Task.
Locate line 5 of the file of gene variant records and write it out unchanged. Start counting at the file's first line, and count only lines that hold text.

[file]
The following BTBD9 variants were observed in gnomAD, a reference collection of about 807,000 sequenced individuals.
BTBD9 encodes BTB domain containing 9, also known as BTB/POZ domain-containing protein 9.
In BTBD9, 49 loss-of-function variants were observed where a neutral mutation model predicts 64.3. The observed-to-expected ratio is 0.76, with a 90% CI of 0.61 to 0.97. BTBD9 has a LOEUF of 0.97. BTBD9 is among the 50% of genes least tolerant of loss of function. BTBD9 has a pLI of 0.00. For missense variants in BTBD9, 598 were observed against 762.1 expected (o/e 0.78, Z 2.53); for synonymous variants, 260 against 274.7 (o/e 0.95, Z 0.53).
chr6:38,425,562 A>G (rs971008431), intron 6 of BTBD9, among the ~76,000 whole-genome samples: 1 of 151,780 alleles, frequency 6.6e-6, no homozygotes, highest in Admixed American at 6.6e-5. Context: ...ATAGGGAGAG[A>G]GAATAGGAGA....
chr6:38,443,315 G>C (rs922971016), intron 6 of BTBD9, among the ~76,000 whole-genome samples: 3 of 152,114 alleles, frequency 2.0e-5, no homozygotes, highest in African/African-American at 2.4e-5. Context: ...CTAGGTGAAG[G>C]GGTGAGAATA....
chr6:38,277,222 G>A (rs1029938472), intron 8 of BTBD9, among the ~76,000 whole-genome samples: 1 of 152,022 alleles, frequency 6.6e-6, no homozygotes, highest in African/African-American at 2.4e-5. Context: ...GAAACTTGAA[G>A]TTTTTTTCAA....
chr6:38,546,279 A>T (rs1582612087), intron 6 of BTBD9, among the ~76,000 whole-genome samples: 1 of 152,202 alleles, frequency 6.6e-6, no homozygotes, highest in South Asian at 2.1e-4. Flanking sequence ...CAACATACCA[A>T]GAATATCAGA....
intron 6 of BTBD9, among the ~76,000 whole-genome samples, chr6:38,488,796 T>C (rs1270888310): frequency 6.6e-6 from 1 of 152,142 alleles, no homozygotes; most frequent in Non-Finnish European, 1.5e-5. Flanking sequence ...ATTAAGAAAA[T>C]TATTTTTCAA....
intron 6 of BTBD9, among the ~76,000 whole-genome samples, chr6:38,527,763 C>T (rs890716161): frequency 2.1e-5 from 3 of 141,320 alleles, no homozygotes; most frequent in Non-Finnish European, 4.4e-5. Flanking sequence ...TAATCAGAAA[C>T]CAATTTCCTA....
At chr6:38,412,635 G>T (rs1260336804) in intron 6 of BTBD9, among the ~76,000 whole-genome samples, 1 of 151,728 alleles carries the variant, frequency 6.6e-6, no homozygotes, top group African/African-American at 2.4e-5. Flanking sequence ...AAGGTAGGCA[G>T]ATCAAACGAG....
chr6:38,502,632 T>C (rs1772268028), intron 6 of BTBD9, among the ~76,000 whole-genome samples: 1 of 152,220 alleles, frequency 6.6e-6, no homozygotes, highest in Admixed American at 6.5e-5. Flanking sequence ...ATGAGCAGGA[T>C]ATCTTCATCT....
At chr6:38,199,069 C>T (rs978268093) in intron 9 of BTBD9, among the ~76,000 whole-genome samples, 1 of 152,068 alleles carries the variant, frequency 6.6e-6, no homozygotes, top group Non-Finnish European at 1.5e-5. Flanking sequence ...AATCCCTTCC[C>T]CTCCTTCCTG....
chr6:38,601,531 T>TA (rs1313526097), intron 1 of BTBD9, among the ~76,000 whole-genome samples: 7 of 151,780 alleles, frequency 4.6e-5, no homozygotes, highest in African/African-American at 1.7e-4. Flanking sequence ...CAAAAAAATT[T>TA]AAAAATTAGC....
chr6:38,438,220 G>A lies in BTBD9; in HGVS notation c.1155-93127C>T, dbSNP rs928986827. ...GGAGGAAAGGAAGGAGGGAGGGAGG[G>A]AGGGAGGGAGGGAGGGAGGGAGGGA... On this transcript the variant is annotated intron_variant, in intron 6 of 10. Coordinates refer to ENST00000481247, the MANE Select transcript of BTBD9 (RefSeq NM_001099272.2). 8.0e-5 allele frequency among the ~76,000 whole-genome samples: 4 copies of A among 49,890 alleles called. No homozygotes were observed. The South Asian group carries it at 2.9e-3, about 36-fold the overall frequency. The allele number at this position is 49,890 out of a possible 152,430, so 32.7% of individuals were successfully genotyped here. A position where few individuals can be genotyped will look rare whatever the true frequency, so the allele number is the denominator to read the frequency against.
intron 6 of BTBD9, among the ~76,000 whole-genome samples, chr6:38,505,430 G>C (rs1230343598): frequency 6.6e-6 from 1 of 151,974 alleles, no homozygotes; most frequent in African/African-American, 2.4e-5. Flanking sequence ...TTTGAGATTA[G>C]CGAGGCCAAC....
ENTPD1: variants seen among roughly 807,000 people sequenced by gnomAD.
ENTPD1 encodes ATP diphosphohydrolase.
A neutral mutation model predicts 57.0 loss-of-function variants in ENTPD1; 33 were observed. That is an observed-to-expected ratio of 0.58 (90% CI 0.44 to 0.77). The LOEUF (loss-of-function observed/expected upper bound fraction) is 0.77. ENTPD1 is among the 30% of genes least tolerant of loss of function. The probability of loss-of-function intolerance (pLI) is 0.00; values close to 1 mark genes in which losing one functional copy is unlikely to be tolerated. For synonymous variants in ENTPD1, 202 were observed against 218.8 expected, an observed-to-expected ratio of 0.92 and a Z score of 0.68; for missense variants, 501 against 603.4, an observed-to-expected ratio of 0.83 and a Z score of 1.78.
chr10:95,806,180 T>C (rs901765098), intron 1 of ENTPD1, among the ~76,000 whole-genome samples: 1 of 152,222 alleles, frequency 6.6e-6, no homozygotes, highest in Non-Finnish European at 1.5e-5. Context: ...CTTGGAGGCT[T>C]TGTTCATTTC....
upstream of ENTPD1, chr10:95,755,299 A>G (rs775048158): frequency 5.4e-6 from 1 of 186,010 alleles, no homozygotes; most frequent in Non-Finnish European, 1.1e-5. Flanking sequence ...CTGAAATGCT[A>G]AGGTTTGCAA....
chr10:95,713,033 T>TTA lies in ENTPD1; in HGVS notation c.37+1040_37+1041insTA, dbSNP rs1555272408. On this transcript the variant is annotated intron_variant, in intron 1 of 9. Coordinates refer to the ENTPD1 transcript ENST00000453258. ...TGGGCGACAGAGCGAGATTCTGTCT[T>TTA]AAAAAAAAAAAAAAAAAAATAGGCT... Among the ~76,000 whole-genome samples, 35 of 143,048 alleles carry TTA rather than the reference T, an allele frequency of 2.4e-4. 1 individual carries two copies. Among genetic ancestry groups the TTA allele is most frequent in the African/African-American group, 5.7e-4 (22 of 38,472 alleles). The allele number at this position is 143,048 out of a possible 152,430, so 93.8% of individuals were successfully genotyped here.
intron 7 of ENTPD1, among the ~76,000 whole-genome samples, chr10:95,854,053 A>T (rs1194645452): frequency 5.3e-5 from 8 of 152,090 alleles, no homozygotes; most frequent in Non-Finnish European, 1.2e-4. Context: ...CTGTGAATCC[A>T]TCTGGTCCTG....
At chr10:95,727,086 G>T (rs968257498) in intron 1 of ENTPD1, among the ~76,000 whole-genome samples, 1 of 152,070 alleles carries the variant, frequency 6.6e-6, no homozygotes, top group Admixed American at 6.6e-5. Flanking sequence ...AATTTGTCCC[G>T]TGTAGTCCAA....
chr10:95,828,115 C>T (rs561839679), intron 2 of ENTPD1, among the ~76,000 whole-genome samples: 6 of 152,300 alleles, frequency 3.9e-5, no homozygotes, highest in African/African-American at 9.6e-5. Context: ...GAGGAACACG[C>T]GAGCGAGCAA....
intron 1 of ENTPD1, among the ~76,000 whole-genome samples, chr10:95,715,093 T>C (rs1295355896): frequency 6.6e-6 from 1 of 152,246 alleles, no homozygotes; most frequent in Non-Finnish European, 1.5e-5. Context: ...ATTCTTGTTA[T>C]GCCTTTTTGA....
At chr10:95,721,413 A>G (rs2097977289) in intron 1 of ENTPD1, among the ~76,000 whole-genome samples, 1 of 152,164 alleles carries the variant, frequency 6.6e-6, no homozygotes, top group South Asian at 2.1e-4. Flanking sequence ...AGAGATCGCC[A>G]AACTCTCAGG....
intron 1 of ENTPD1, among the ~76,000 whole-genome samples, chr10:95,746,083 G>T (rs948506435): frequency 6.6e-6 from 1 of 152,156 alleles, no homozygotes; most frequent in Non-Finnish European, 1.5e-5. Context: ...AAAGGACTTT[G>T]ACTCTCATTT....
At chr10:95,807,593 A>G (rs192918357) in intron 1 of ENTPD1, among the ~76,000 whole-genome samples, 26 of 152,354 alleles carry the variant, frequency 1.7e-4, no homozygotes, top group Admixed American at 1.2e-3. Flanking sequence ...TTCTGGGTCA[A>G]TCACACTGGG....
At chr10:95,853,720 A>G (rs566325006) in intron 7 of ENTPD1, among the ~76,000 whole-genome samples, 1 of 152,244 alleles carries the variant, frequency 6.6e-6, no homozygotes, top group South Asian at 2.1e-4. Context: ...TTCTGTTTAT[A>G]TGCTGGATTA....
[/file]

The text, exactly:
chr6:38,443,315 G>C (rs922971016), intron 6 of BTBD9, among the ~76,000 whole-genome samples: 3 of 152,114 alleles, frequency 2.0e-5, no homozygotes, highest in African/African-American at 2.4e-5. Context: ...CTAGGTGAAG[G>C]GGTGAGAATA....